Of course, it is impossible to say exactly what stood above the ground by digging underneath it. Nevertheless, the excavations at Hen Domen permitted some reasonable estimates. They revealed two rows of post-holes, one set behind the other, which indicated that the walls must have been backed by a fighting platform, raised off the ground by the posts. In order to allow a man to pass underneath it, the platform must have been raised to a height of at least six or seven feet. Similarly, a man standing on top of the platform would need to be protected from attack, so we must assume that the wall rose at least another six or seven feet in front of him, bringing the total height of the wall up to the suggested height of twelve to fourteen feet.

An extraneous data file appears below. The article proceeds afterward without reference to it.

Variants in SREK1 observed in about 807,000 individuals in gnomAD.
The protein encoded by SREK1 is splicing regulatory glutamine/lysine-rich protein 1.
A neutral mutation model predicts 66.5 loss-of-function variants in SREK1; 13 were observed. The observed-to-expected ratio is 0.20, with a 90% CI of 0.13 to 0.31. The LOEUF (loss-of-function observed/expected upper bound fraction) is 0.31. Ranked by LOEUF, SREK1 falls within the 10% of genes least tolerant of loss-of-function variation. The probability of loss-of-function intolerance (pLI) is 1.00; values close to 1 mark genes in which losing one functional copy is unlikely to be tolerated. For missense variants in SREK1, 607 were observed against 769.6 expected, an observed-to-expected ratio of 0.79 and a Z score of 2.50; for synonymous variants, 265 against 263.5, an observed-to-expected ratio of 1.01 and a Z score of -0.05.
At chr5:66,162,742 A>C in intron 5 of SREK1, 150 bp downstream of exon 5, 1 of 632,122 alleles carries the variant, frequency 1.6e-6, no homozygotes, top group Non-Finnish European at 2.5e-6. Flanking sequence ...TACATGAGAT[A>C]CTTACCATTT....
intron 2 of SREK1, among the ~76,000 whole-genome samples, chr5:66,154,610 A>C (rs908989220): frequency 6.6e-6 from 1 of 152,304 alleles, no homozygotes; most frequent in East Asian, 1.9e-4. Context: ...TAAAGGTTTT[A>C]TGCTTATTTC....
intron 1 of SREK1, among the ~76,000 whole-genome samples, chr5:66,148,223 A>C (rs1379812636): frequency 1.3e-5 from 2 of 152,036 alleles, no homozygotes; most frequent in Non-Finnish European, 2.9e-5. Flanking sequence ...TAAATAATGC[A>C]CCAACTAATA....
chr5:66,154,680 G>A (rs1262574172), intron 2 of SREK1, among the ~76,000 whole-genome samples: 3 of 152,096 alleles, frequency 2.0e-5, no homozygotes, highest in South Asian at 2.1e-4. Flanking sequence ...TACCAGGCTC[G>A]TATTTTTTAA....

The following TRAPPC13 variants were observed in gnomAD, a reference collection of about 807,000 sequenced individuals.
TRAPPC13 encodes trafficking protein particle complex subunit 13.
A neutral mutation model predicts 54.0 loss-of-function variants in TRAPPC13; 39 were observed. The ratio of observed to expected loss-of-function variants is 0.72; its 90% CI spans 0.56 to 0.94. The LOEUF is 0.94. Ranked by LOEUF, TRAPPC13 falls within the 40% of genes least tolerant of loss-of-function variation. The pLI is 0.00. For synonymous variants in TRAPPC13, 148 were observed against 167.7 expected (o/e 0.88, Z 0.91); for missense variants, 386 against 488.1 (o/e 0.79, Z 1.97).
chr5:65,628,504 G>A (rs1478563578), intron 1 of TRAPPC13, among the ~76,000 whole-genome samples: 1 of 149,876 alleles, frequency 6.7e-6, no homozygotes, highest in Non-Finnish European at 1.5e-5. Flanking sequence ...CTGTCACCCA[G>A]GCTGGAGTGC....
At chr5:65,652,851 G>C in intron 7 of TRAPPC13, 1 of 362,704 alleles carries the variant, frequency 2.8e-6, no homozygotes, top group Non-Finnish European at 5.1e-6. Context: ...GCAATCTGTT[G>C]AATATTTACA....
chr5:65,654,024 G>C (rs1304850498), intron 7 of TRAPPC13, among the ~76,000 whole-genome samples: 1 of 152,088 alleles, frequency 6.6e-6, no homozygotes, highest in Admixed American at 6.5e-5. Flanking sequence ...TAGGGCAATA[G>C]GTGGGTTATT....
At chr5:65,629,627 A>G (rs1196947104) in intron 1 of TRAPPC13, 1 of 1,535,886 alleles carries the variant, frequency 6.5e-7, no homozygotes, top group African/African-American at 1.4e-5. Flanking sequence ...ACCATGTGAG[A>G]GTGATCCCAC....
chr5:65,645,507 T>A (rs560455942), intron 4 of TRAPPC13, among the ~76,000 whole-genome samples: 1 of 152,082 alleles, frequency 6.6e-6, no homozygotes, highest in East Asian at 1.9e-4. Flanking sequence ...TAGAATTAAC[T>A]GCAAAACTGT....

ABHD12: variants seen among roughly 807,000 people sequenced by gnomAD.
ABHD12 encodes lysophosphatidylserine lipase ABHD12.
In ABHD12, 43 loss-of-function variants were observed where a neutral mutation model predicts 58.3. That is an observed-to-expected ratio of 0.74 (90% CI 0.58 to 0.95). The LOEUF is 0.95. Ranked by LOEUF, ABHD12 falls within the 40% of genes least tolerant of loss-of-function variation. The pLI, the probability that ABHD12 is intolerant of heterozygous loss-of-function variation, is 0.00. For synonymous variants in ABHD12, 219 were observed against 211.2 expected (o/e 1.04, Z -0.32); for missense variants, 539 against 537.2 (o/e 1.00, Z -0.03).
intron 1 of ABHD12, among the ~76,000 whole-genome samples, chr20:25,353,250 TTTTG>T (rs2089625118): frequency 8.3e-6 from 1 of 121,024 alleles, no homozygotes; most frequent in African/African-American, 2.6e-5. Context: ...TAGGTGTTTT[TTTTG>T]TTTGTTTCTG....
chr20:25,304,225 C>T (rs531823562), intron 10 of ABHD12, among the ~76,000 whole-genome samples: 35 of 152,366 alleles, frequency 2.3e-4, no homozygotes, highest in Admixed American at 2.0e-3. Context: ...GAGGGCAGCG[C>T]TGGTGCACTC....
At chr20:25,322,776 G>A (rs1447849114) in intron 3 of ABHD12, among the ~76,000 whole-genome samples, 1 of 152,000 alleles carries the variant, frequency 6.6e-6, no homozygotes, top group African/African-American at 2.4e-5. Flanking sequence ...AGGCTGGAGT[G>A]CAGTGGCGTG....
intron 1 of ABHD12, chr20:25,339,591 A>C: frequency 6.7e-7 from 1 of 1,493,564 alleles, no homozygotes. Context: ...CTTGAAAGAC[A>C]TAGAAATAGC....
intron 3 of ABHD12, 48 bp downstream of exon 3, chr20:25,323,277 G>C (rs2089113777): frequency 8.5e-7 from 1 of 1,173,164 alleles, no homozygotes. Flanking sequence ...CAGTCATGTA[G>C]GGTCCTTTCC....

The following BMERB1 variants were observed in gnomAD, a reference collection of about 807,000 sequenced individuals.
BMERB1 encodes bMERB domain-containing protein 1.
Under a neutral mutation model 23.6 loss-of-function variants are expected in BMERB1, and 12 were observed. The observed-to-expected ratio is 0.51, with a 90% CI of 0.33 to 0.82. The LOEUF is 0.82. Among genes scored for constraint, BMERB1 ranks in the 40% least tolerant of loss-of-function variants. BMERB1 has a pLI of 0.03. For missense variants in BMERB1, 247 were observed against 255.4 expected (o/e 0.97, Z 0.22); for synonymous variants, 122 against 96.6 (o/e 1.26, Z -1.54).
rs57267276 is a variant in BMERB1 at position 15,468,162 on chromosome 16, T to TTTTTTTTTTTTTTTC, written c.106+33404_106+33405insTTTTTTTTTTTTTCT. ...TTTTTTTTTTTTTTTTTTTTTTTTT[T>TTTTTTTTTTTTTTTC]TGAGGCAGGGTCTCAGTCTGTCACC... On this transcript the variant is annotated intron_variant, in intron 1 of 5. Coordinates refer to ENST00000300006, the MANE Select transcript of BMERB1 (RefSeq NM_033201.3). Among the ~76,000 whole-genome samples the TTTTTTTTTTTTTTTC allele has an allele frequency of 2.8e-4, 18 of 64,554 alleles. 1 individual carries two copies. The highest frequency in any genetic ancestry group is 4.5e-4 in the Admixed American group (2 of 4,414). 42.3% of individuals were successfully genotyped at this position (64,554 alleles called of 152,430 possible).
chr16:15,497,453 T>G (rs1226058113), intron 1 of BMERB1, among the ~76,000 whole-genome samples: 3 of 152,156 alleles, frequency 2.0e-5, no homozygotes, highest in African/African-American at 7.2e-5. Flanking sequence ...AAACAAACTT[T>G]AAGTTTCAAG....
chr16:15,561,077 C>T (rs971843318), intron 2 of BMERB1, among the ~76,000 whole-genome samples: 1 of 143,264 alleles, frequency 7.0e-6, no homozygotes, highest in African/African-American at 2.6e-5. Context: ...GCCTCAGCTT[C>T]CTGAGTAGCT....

In a similar fashion, the archaeologists were able to estimate the size of bailey buildings at Hen Domen. Certain post-holes were evidently home to very large timbers, and from the scale of these foundations the overall shape of the buildings can be guessed. At the foot of the motte, for example, the archaeologists uncovered the remains of a very large building. In all probability, this was the castle’s great hall. Judging by the massive size of its foundation ditch, the hall stood two stories high, providing space downstairs for storage, and a main first-floor room where Roger and his household would have sat and dined. Behind the hall the team discovered evidence of a flying bridge of exactly the kind depicted on the Bayeux Tapestry. Again, it was the size of this structure that was striking. The foundations (and also, remarkably, a surviving timber that was found preserved in the ditch) indicate that the bridge must have been twelve feet wide; large enough to ride a horse up, if necessary. Finally, on the top of the motte, the diggers uncovered evidence for a great tower—or rather, several great towers, for it seems that the buildings on the motte were replaced several times over the years. Again, the scale of the foundations suggest that the greatest of these towers was at least two stories tall.